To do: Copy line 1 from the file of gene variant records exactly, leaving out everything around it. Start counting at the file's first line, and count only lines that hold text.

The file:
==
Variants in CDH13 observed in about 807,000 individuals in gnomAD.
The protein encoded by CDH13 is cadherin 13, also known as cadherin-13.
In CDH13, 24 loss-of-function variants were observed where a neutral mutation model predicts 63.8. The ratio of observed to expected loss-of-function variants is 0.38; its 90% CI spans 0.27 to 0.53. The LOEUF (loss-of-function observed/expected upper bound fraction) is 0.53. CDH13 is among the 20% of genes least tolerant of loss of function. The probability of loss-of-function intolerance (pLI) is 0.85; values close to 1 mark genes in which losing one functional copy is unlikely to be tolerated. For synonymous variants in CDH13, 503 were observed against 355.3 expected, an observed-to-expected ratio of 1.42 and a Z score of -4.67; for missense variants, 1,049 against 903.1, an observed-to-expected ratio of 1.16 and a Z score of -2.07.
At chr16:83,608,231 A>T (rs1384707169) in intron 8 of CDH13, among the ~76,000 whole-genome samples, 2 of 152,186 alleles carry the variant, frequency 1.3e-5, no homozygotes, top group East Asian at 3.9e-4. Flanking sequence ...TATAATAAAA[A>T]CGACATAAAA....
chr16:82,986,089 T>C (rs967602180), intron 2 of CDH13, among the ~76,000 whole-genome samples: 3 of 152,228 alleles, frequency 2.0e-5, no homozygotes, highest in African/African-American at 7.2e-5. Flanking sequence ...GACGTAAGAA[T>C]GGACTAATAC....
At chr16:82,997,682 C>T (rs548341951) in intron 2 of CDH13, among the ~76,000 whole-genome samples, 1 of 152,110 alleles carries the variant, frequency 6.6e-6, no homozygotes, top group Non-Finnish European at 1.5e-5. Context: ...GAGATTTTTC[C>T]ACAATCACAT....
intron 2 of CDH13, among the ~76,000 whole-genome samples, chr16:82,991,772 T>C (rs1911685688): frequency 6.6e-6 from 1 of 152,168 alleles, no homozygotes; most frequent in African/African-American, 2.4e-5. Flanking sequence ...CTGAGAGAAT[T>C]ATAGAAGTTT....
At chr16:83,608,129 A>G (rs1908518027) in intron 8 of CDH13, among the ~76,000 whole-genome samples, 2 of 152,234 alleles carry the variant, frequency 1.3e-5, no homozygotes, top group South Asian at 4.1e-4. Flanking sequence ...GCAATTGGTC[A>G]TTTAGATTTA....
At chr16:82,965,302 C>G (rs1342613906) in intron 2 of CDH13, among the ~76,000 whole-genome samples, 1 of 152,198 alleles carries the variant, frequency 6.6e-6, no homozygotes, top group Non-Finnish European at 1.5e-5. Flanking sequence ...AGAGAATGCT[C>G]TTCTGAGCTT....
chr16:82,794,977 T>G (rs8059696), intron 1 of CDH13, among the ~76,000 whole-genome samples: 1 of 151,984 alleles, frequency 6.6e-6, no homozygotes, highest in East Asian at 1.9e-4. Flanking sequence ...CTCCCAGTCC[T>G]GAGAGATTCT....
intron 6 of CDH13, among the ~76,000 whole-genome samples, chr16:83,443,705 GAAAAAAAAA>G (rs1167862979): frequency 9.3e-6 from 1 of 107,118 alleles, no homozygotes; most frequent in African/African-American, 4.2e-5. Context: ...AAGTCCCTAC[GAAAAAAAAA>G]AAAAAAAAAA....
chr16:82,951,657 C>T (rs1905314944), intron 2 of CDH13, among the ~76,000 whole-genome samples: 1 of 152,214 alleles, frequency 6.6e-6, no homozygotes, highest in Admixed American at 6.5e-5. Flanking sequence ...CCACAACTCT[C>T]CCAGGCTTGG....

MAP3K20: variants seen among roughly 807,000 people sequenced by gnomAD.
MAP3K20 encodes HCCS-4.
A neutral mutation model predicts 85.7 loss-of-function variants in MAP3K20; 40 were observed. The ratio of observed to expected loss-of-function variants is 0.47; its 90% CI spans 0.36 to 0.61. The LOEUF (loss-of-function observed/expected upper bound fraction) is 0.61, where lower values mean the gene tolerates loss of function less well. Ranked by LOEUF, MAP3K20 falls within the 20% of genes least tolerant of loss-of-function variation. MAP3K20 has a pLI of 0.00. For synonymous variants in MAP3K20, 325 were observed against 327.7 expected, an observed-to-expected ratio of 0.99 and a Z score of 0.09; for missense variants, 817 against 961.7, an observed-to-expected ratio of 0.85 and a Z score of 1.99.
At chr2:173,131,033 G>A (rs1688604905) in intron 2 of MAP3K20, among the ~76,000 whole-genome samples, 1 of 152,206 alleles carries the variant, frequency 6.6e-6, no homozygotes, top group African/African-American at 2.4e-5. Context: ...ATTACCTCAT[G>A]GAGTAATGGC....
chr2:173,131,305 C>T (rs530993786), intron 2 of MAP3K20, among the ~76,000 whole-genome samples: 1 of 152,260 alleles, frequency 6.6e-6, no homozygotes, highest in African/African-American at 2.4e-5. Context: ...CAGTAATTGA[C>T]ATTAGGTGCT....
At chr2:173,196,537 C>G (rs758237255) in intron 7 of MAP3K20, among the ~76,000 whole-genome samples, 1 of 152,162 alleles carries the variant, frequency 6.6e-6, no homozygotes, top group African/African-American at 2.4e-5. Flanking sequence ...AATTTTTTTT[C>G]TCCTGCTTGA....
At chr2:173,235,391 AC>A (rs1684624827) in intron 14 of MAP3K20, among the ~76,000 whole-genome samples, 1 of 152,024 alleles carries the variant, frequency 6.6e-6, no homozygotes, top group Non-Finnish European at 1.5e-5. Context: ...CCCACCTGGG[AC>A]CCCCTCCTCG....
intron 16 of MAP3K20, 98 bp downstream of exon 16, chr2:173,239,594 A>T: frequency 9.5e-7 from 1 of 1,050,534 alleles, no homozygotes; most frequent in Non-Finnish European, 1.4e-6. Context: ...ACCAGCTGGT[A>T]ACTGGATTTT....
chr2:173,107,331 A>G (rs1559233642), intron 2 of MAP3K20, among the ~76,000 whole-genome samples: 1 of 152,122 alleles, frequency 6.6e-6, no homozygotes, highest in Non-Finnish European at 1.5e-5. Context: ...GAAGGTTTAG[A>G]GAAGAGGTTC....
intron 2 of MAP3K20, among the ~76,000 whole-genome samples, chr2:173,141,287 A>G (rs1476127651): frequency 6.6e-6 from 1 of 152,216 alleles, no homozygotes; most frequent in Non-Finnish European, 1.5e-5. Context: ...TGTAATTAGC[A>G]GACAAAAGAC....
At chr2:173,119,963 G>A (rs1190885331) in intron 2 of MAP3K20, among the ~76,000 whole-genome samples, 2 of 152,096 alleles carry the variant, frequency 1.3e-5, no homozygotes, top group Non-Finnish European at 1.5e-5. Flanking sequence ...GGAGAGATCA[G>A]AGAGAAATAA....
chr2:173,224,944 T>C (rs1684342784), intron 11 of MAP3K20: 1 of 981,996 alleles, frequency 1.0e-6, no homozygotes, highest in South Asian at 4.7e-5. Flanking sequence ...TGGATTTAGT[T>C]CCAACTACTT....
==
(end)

Variants in CDH13 observed in about 807,000 individuals in gnomAD.